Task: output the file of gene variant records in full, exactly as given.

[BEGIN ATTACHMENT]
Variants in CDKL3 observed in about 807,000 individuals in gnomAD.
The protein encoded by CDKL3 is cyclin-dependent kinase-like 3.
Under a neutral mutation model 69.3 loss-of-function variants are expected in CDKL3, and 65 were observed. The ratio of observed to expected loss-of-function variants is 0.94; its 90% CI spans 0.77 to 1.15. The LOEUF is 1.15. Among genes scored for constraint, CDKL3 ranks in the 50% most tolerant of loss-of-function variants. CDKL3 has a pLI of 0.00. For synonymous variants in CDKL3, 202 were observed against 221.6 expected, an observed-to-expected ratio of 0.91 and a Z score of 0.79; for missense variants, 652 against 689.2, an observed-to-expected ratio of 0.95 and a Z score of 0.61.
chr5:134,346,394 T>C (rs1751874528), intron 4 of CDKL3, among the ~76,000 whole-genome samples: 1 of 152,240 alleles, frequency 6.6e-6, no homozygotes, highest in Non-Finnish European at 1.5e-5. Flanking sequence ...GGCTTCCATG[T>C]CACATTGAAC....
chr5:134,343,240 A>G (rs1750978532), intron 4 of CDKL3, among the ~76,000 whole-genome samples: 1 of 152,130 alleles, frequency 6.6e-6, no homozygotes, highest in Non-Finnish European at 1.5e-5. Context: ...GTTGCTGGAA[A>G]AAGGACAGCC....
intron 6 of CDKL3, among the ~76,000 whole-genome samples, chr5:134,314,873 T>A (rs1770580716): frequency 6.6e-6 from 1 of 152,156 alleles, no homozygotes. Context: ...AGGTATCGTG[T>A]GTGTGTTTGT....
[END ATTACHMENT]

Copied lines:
Variants in CDKL3 observed in about 807,000 individuals in gnomAD.
The protein encoded by CDKL3 is cyclin-dependent kinase-like 3.
Under a neutral mutation model 69.3 loss-of-function variants are expected in CDKL3, and 65 were observed. The ratio of observed to expected loss-of-function variants is 0.94; its 90% CI spans 0.77 to 1.15. The LOEUF is 1.15. Among genes scored for constraint, CDKL3 ranks in the 50% most tolerant of loss-of-function variants. CDKL3 has a pLI of 0.00. For synonymous variants in CDKL3, 202 were observed against 221.6 expected, an observed-to-expected ratio of 0.91 and a Z score of 0.79; for missense variants, 652 against 689.2, an observed-to-expected ratio of 0.95 and a Z score of 0.61.
chr5:134,346,394 T>C (rs1751874528), intron 4 of CDKL3, among the ~76,000 whole-genome samples: 1 of 152,240 alleles, frequency 6.6e-6, no homozygotes, highest in Non-Finnish European at 1.5e-5. Flanking sequence ...GGCTTCCATG[T>C]CACATTGAAC....
chr5:134,343,240 A>G (rs1750978532), intron 4 of CDKL3, among the ~76,000 whole-genome samples: 1 of 152,130 alleles, frequency 6.6e-6, no homozygotes, highest in Non-Finnish European at 1.5e-5. Context: ...GTTGCTGGAA[A>G]AAGGACAGCC....
intron 6 of CDKL3, among the ~76,000 whole-genome samples, chr5:134,314,873 T>A (rs1770580716): frequency 6.6e-6 from 1 of 152,156 alleles, no homozygotes. Context: ...AGGTATCGTG[T>A]GTGTGTTTGT....